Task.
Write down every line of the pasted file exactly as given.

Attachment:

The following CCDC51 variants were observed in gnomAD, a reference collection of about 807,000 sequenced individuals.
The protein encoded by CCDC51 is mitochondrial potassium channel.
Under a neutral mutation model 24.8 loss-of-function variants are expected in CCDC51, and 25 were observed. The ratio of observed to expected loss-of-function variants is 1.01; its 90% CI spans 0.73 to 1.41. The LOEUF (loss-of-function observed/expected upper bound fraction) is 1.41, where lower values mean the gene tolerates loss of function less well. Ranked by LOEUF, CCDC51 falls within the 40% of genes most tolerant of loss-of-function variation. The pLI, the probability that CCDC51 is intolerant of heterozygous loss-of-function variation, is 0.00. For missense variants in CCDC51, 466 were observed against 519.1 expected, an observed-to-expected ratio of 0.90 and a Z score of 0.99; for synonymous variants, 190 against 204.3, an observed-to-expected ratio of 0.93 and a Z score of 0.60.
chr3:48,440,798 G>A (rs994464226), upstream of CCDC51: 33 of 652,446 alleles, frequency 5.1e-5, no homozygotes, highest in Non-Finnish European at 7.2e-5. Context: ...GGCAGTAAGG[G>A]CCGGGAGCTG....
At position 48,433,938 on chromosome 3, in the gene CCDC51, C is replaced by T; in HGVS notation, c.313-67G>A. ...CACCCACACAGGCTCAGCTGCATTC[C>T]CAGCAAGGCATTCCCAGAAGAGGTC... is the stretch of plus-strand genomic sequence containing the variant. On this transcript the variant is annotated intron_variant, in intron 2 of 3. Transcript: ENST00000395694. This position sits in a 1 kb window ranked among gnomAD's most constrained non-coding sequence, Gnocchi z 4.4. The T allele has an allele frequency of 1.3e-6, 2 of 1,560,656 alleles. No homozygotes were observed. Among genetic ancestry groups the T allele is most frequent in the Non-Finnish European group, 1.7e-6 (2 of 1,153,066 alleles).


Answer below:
The following CCDC51 variants were observed in gnomAD, a reference collection of about 807,000 sequenced individuals.
The protein encoded by CCDC51 is mitochondrial potassium channel.
Under a neutral mutation model 24.8 loss-of-function variants are expected in CCDC51, and 25 were observed. The ratio of observed to expected loss-of-function variants is 1.01; its 90% CI spans 0.73 to 1.41. The LOEUF (loss-of-function observed/expected upper bound fraction) is 1.41, where lower values mean the gene tolerates loss of function less well. Ranked by LOEUF, CCDC51 falls within the 40% of genes most tolerant of loss-of-function variation. The pLI, the probability that CCDC51 is intolerant of heterozygous loss-of-function variation, is 0.00. For missense variants in CCDC51, 466 were observed against 519.1 expected, an observed-to-expected ratio of 0.90 and a Z score of 0.99; for synonymous variants, 190 against 204.3, an observed-to-expected ratio of 0.93 and a Z score of 0.60.
chr3:48,440,798 G>A (rs994464226), upstream of CCDC51: 33 of 652,446 alleles, frequency 5.1e-5, no homozygotes, highest in Non-Finnish European at 7.2e-5. Context: ...GGCAGTAAGG[G>A]CCGGGAGCTG....
At position 48,433,938 on chromosome 3, in the gene CCDC51, C is replaced by T; in HGVS notation, c.313-67G>A. ...CACCCACACAGGCTCAGCTGCATTC[C>T]CAGCAAGGCATTCCCAGAAGAGGTC... is the stretch of plus-strand genomic sequence containing the variant. On this transcript the variant is annotated intron_variant, in intron 2 of 3. Transcript: ENST00000395694. This position sits in a 1 kb window ranked among gnomAD's most constrained non-coding sequence, Gnocchi z 4.4. The T allele has an allele frequency of 1.3e-6, 2 of 1,560,656 alleles. No homozygotes were observed. Among genetic ancestry groups the T allele is most frequent in the Non-Finnish European group, 1.7e-6 (2 of 1,153,066 alleles).